Backgrounder: Water Quality in Ontario 2008 Report
Taking action to protect the Great Lakes and Lake Simcoe, reducing toxics and combating climate change are amongst the Ontario government's top environmental priorities. In this report, the focus is on phosphorus enrichment, acid rain, toxic substances and climate change since information on these issues is important to addressing the priorities.
Monitoring results show the government's actions to improve water quality are making progress, but there is more to be done, particularly in light of climate change. Specifically, the report notes:
- levels of PCBs and mercury are decreasing in the Great Lakes
- phosphorus levels in Lake Simcoe are lower compared to past decades
- northern lakes are showing signs of recovery from acid rain
WHY IS WATER QUALITY MONITORING IMPORTANT?
Water quality moni¬toring measures the success of investments and efforts by governments, industry and individuals to pro¬tect water quality in Ontario. The ministry's monitoring programs track the overall condi¬tions in the environment, and provide basic information on the quality of water resources across the province. Ontarians need this information to understand the state of the environ¬ment, the impacts of their activities and the progress that is being made to protect water resources. The information gained from monitoring helps to prioritize key issues and choose the geographic areas in which to concentrate, thus helping to ensure effective management of water resources.
HOW MONITORING SUPPORTS WATER PROTECTION
Programs initiated in the 1970s have reduced phosphorus levels in the Great Lakes and many streams and inland lakes. This work continues in the Lake Simcoe watershed with the passage of the Lake Simcoe Protection Act in 2008. Reducing the amount of phosphorus entering Lake Simcoe to approximately 44 tonnes per year is a critical part of the government's efforts to improve the health of the lake's ecosystem. The long-term monitoring described in this report helped to set this target and will track the progress in restoring Lake Simcoe. Long-term monitoring will help us set new phosphorus targets for the Great Lakes, which are becoming more sensitive to phosphorus loadings due to the impacts of invasive species.
Efforts to control emissions of air pollutants that cause acid rain are ongoing. Results from lakes in the Sudbury area show significant improvement in water quality, however, acid rain remains a problem in the Sudbury area and other lakes in northern and central Ontario. Also, scientists have noticed that acid-neutralizing calcium in watersheds is decreasing. It is becoming evident that recovery of lakes from acidification is closely linked to climate change. Ongoing studies are tracking long-term progress toward environmental recovery. These studies have local, provincial, national and international relevance as they are the basis for agreements that address air pollutants emitted in Ontario and trans-boundary emissions from other provinces and countries.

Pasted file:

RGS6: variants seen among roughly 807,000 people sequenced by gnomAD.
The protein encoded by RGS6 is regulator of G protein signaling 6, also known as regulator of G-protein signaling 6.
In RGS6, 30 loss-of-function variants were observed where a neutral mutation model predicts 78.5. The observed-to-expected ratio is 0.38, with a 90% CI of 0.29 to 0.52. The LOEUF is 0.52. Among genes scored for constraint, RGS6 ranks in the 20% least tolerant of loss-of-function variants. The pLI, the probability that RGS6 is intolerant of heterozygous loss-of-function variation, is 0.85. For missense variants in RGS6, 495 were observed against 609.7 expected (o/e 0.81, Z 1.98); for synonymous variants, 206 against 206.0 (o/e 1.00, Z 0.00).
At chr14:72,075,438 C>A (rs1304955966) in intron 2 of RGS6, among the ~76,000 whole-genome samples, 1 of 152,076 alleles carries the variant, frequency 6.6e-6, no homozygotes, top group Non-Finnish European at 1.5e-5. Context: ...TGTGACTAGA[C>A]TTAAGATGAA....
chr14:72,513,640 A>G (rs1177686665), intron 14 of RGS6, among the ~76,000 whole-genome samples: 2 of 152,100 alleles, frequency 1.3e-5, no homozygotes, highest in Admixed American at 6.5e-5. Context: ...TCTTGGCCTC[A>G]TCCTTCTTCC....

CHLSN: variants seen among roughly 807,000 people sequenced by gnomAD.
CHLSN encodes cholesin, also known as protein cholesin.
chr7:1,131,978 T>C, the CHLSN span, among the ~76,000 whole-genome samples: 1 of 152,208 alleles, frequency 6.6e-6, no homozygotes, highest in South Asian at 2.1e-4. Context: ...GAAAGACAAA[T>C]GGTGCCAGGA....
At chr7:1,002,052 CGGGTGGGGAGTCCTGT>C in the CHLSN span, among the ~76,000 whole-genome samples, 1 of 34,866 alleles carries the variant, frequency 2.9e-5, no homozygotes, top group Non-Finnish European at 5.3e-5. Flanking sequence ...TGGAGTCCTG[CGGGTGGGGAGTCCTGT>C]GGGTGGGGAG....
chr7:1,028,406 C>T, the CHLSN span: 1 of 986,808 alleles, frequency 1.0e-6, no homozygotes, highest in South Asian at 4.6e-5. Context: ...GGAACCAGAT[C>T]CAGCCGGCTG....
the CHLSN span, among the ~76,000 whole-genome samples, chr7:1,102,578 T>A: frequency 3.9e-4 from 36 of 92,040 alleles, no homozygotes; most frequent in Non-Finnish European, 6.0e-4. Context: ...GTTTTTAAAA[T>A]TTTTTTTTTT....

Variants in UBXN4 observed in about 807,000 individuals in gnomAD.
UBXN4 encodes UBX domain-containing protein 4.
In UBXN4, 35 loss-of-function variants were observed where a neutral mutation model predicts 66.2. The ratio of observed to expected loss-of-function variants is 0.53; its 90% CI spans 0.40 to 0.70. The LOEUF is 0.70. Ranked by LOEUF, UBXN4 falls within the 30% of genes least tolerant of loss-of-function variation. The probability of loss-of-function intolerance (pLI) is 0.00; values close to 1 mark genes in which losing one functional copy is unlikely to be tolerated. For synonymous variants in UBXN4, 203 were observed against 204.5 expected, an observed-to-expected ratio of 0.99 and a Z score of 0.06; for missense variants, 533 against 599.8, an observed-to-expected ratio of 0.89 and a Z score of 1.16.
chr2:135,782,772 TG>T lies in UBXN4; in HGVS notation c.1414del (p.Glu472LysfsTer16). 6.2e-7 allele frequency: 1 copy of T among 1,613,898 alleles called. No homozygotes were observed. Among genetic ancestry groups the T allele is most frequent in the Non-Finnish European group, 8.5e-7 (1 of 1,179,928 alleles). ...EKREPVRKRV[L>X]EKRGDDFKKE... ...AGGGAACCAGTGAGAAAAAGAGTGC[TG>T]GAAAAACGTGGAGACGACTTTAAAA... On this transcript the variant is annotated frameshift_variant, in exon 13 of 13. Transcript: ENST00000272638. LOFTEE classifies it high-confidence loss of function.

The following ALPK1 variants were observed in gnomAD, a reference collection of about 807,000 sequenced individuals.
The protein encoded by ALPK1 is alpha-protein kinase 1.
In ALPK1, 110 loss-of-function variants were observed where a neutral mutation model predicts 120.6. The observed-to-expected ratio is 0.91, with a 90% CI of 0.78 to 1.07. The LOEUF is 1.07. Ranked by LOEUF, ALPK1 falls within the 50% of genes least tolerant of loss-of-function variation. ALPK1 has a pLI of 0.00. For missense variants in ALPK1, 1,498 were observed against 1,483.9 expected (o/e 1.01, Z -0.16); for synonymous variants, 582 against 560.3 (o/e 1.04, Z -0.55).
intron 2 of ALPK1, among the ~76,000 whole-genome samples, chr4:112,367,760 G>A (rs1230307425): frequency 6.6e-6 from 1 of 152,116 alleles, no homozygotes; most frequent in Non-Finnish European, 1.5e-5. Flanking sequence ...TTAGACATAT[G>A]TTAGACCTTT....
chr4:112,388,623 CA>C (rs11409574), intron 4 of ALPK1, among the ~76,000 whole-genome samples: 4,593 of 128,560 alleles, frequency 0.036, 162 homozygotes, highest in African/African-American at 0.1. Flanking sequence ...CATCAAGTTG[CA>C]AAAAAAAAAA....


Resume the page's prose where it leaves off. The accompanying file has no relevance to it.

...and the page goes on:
Although government regulations have achieved reductions in industrial releases of toxic substances, some toxics persist in the environment because of their longevity, their continued use in some products and the difficulty of cleaning up contaminated areas. Some new materials that have replaced banned substances, or are used for new applications, have been found in increasing concentrations. On April 7, 2009, the Ontario government introduced legislation to further reduce toxics in the air, land and water. The proposed Toxics Reduction Act sets out a framework for toxics reduction action by facilities. It would require them to track and quantify the toxics they use and create, to develop plans to reduce toxics, and to report to the government. Monitoring data supports the development of such strategies and helps to measure their effectiveness by tracking levels of toxics in the environment. Sport fish and sediment monitoring are particularly effective in tracking trends in toxic substances.
Climate change models predict a range of impacts on Ontario's water resources including lower water levels, warmer water, more extreme weather events, more droughts, flooding and erosion. Monitoring results indicate that a warming climate is already affecting Ontario's water resources. For example, the types of algae in northern Ontario lakes are changing in response to warmer air temperature and longer ice-free seasons. Monitoring climate change impacts leads to the development of adaptation strategies to protect water resources in the face of future changes in climate.